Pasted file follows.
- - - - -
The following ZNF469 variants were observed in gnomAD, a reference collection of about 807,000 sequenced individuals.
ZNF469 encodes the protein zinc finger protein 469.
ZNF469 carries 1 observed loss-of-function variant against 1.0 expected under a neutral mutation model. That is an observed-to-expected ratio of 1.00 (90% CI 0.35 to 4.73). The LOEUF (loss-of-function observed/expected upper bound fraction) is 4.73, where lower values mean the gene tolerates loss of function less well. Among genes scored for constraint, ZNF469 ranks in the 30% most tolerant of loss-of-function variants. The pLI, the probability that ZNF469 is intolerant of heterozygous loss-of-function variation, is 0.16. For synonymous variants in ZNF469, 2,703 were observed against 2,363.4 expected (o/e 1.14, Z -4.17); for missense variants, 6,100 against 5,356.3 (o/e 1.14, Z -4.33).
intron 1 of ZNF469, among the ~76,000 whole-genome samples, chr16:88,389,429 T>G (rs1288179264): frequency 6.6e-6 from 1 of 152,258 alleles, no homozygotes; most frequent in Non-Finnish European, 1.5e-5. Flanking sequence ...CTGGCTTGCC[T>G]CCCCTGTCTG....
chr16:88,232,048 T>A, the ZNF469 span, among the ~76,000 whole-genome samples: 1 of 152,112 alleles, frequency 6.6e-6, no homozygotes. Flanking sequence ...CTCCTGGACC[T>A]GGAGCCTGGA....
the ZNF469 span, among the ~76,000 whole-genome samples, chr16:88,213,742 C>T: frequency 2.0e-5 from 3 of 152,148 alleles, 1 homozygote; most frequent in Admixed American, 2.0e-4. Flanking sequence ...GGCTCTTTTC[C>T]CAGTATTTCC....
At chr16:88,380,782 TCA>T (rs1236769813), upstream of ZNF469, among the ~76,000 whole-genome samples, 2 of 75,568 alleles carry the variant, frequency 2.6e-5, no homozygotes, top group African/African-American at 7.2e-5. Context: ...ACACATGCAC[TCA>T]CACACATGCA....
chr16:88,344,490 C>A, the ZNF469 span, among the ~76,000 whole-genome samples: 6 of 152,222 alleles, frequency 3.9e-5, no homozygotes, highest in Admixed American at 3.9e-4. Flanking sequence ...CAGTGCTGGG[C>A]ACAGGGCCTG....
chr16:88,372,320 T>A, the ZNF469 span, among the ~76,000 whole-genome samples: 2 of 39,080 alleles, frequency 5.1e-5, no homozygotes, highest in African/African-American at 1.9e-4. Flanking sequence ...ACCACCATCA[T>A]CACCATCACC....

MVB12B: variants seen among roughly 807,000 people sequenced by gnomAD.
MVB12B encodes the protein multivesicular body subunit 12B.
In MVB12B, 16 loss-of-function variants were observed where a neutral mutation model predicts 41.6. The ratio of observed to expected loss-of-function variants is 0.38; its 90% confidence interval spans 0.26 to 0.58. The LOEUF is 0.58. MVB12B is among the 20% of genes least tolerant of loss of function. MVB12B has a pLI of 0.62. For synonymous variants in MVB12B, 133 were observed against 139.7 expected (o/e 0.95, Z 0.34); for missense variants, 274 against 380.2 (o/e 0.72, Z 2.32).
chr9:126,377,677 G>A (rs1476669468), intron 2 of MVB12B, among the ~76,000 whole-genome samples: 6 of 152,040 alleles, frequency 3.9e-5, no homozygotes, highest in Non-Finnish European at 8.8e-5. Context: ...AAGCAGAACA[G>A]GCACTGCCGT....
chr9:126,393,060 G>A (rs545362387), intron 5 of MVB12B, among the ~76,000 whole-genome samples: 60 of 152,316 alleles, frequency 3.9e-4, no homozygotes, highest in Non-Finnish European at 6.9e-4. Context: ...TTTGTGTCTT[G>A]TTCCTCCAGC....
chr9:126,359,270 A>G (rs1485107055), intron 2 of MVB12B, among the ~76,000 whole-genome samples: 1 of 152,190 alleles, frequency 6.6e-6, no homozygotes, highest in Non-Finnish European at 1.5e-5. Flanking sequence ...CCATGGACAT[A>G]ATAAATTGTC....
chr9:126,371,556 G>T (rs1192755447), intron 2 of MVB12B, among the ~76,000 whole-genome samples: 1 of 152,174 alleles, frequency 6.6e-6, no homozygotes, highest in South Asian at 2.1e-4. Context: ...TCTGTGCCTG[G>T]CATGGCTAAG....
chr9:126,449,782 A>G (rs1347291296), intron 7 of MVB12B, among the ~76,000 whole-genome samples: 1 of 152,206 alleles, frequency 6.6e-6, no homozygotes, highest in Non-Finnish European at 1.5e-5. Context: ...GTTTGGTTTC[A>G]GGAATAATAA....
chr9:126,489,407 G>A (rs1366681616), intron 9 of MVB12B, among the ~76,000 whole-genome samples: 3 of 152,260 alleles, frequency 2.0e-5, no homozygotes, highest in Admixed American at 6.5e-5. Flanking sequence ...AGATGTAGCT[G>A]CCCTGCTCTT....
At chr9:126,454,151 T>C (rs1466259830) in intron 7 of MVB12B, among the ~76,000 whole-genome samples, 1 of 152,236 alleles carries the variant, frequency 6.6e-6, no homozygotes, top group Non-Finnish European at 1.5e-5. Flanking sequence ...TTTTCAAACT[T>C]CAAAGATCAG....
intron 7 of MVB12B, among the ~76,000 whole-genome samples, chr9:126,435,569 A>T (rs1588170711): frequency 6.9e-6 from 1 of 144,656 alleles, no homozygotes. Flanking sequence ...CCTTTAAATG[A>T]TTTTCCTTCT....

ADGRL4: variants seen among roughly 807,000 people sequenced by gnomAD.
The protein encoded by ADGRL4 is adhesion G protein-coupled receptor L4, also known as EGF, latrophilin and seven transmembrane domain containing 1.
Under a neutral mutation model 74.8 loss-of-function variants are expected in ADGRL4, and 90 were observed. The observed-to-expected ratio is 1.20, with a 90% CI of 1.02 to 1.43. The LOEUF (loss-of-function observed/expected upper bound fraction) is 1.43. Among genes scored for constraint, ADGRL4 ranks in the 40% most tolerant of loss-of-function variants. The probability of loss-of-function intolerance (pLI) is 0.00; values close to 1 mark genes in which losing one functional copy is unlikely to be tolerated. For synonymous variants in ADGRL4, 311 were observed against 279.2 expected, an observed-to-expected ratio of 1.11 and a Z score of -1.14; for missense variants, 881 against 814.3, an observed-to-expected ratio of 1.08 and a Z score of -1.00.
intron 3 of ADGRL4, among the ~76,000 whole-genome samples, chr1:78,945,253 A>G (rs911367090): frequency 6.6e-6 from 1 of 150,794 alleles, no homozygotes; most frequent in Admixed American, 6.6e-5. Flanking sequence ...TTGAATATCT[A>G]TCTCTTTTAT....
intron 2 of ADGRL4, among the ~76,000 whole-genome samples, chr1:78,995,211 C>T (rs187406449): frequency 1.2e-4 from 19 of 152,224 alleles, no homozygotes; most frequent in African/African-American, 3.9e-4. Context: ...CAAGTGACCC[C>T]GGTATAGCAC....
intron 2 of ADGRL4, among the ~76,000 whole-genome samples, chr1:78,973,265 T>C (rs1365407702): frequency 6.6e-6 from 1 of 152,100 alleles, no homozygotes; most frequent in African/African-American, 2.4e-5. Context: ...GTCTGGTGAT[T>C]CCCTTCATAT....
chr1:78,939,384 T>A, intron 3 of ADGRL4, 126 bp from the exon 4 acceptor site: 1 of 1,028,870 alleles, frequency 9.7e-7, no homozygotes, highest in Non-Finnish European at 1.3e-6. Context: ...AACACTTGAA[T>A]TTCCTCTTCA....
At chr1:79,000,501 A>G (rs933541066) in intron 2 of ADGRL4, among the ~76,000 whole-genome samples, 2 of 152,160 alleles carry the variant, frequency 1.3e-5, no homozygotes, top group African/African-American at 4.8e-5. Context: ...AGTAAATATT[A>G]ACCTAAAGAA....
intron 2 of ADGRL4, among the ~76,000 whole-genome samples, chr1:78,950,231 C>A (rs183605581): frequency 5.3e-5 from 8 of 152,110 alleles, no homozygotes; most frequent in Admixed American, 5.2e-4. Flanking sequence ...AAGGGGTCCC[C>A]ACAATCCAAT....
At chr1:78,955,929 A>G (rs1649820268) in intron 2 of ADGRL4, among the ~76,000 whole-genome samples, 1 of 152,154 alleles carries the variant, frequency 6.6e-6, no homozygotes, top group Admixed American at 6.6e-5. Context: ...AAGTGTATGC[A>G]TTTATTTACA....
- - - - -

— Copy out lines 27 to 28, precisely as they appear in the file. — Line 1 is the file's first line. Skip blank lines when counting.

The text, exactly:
chr1:78,939,384 T>A, intron 3 of ADGRL4, 126 bp from the exon 4 acceptor site: 1 of 1,028,870 alleles, frequency 9.7e-7, no homozygotes, highest in Non-Finnish European at 1.3e-6. Context: ...AACACTTGAA[T>A]TTCCTCTTCA....
At chr1:79,000,501 A>G (rs933541066) in intron 2 of ADGRL4, among the ~76,000 whole-genome samples, 2 of 152,160 alleles carry the variant, frequency 1.3e-5, no homozygotes, top group African/African-American at 4.8e-5. Context: ...AGTAAATATT[A>G]ACCTAAAGAA....